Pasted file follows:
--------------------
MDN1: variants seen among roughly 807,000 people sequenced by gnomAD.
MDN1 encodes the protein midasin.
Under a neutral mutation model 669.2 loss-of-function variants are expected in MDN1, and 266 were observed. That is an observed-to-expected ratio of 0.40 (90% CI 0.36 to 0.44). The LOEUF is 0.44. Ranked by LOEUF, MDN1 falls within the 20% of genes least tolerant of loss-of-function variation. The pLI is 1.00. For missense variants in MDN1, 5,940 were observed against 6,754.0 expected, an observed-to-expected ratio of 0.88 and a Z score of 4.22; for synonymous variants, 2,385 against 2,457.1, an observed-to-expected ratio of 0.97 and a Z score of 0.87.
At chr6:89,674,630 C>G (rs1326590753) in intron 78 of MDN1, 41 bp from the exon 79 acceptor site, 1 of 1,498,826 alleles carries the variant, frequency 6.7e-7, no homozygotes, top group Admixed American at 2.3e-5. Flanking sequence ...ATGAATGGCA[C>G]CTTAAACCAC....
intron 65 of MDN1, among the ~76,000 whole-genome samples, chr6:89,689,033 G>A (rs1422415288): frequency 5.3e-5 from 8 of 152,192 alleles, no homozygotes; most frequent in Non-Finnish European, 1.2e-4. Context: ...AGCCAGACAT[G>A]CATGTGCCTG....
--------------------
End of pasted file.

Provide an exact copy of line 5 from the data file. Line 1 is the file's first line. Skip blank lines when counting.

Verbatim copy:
intron 65 of MDN1, among the ~76,000 whole-genome samples, chr6:89,689,033 G>A (rs1422415288): frequency 5.3e-5 from 8 of 152,192 alleles, no homozygotes; most frequent in Non-Finnish European, 1.2e-4. Context: ...AGCCAGACAT[G>A]CATGTGCCTG....